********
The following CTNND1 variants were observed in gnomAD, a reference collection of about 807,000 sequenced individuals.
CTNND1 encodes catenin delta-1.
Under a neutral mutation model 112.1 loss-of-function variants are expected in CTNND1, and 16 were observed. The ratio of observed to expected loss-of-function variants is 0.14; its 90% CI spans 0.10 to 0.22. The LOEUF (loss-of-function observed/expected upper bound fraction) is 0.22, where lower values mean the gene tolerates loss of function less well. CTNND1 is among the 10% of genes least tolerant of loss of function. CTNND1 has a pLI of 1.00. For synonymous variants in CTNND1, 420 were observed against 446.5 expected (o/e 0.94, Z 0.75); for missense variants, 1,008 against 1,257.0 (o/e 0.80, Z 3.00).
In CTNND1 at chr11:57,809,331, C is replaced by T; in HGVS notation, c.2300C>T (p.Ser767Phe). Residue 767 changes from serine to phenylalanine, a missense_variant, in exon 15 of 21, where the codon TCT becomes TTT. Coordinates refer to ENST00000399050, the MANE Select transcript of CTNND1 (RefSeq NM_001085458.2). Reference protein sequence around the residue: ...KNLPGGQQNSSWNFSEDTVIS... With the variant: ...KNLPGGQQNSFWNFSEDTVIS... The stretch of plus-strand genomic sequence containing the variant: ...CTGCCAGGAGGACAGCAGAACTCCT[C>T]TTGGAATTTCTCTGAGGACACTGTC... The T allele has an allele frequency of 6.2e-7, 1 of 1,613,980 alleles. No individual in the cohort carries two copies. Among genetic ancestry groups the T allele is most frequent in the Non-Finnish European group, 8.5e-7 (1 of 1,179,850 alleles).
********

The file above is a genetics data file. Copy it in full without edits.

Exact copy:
The following CTNND1 variants were observed in gnomAD, a reference collection of about 807,000 sequenced individuals.
CTNND1 encodes catenin delta-1.
Under a neutral mutation model 112.1 loss-of-function variants are expected in CTNND1, and 16 were observed. The ratio of observed to expected loss-of-function variants is 0.14; its 90% CI spans 0.10 to 0.22. The LOEUF (loss-of-function observed/expected upper bound fraction) is 0.22, where lower values mean the gene tolerates loss of function less well. CTNND1 is among the 10% of genes least tolerant of loss of function. CTNND1 has a pLI of 1.00. For synonymous variants in CTNND1, 420 were observed against 446.5 expected (o/e 0.94, Z 0.75); for missense variants, 1,008 against 1,257.0 (o/e 0.80, Z 3.00).
In CTNND1 at chr11:57,809,331, C is replaced by T; in HGVS notation, c.2300C>T (p.Ser767Phe). Residue 767 changes from serine to phenylalanine, a missense_variant, in exon 15 of 21, where the codon TCT becomes TTT. Coordinates refer to ENST00000399050, the MANE Select transcript of CTNND1 (RefSeq NM_001085458.2). Reference protein sequence around the residue: ...KNLPGGQQNSSWNFSEDTVIS... With the variant: ...KNLPGGQQNSFWNFSEDTVIS... The stretch of plus-strand genomic sequence containing the variant: ...CTGCCAGGAGGACAGCAGAACTCCT[C>T]TTGGAATTTCTCTGAGGACACTGTC... The T allele has an allele frequency of 6.2e-7, 1 of 1,613,980 alleles. No individual in the cohort carries two copies. Among genetic ancestry groups the T allele is most frequent in the Non-Finnish European group, 8.5e-7 (1 of 1,179,850 alleles).